Bleached or Unbleached Filters?

We can generally agree that unbleached filters are kinder to the environment. However, to each is own. We have an acquaintance who uses white, bleached filters, rinses and dries them after brewing coffee and then turns them in the most creative paper flower arrangements you can imagine. Her filter flowers have graced the tables of many wedding venues. Now that is good for the heart’s environment! And we digress, but it was worth mentioning.

The term, “bleached” demands our attention. It evokes the notion of chemicals sneaking into each brew by mere contact, and possibly even an expectation of chlorine-like taste and odor. At the very least, and more than ever, we are conscious about the impact of everyday materials on our environment, and rightly so.

Filters are bleached one of two ways: chlorine bleached or oxygen bleached. The amount of chlorine is minimal. Any residual is too insignificant to worry about leeching in your coffee. There is likely more chlorine in your tap water. Look for the words “Oxygen bleached” on packaging if you are concerned.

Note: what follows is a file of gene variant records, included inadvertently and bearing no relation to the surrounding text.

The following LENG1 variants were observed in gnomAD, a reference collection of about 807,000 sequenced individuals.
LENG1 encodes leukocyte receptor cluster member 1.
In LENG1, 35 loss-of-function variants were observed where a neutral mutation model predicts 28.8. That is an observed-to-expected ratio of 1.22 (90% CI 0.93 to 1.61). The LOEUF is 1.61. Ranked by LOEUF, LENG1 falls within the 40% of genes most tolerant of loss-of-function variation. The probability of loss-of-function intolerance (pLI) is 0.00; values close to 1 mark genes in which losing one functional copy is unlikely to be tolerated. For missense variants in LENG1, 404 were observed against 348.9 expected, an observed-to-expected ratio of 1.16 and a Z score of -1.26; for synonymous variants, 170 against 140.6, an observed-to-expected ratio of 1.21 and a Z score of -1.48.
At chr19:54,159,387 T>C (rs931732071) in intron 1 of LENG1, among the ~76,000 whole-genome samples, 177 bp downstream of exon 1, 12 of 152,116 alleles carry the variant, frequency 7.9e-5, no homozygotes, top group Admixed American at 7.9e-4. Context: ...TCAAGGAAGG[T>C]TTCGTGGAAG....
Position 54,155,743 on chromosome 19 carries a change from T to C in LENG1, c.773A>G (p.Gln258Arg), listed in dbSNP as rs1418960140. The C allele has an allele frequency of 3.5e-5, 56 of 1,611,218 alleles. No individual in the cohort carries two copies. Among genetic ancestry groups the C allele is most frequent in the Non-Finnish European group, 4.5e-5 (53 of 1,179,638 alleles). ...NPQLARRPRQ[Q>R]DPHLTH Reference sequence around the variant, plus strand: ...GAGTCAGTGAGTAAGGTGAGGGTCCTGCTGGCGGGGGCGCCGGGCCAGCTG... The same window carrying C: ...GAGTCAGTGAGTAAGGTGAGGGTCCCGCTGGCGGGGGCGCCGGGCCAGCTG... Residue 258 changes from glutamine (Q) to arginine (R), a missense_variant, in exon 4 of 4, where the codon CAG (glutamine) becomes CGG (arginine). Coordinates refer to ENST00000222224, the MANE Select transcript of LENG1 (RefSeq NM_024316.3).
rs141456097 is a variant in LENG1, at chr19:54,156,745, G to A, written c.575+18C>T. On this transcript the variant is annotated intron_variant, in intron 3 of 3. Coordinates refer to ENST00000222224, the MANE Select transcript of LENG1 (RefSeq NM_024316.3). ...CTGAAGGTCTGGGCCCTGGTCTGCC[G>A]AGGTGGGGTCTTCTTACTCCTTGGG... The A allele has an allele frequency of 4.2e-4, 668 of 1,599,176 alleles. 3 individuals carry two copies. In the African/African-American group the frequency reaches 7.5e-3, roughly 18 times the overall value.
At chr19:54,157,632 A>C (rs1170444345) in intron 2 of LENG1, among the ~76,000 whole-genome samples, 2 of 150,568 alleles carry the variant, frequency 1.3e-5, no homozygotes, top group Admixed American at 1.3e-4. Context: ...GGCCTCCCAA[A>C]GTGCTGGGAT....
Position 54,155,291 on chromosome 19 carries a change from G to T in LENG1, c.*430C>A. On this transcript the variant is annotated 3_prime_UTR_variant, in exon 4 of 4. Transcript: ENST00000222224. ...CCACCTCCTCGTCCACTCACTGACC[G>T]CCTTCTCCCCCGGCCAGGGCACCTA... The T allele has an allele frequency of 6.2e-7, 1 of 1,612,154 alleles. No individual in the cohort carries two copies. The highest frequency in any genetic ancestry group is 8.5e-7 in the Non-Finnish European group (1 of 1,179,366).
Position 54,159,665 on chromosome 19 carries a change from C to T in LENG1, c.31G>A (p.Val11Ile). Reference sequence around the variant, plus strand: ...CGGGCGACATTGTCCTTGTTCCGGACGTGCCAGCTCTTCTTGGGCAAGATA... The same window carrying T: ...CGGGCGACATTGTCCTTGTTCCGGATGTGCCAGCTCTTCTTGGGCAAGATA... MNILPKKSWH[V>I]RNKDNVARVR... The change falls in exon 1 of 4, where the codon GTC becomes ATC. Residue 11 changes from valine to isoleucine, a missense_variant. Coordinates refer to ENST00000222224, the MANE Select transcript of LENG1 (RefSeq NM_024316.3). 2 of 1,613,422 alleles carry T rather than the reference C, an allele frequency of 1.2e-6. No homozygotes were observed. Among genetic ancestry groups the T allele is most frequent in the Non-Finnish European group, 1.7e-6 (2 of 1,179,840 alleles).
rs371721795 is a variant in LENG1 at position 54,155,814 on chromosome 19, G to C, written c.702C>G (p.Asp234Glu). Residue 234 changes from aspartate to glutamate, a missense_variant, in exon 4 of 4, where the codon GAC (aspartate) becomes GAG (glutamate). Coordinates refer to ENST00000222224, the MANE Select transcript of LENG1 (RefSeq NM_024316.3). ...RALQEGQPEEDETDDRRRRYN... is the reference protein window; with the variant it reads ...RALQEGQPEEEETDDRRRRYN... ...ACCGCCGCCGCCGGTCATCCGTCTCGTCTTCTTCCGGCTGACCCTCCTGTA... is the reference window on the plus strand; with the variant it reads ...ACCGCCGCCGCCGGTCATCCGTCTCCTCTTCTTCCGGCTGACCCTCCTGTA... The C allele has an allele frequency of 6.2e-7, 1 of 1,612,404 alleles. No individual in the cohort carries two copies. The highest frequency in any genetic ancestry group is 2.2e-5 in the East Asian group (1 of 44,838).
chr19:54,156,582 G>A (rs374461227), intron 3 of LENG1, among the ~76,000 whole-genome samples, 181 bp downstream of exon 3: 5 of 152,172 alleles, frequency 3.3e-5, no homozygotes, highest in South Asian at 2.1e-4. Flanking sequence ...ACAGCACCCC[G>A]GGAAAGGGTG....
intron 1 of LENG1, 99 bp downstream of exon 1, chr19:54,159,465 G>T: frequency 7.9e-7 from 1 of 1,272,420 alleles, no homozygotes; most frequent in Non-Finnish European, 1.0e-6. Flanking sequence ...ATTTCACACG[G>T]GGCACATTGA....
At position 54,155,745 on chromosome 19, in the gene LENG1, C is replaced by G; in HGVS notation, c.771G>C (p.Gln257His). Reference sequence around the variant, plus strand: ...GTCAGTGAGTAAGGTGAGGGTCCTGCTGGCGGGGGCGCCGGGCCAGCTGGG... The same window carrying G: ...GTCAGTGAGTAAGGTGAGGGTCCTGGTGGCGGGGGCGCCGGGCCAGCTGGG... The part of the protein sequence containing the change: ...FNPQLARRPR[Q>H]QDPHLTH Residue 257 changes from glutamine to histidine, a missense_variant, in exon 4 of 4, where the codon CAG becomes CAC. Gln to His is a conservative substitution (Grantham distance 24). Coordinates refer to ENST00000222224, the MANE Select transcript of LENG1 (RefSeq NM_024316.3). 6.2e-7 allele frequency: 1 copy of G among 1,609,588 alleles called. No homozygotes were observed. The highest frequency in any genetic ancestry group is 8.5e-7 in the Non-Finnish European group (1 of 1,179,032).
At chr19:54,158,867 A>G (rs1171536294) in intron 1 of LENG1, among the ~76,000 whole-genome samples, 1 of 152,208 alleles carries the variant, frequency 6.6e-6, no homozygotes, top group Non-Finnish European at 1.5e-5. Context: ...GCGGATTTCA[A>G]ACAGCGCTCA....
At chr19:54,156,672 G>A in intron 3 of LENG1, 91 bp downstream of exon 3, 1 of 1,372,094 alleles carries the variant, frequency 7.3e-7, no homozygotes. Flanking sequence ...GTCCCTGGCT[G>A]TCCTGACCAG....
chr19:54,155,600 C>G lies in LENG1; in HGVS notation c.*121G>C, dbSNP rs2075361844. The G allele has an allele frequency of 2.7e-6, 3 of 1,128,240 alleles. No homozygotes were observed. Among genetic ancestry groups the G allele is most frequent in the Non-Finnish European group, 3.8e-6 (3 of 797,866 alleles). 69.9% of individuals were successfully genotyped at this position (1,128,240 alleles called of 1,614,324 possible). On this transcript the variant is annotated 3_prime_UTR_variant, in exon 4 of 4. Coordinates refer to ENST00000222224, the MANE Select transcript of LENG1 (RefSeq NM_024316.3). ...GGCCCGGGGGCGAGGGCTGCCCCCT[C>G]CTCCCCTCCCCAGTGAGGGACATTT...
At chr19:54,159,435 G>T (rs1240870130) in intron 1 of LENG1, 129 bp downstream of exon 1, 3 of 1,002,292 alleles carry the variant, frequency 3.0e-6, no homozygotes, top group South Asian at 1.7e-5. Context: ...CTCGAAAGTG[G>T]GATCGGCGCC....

In essence, bleached and unbleached filters brew an equally delicious cup. Always wet filters first, to minimize the transfer of “filter lint” into your coffee. That, it turns out, is more likely to diminish the quality of your brew than whether the filter you used is bleached or not.

Interestingly, many paper mills and filter manufacturers are switching to hydrogen peroxide or oxygen as bleaching agents and you can look for packaging that states this. These filters can be rinsed, dried and discarded on the compost pile.

Leave a Reply

Fill in your details below or click an icon to log in:

WordPress.com Logo

You are commenting using your WordPress.com account. Log Out /  Change )

Google+ photo

You are commenting using your Google+ account. Log Out /  Change )

Twitter picture

You are commenting using your Twitter account. Log Out /  Change )

Facebook photo

You are commenting using your Facebook account. Log Out /  Change )

Connecting to %s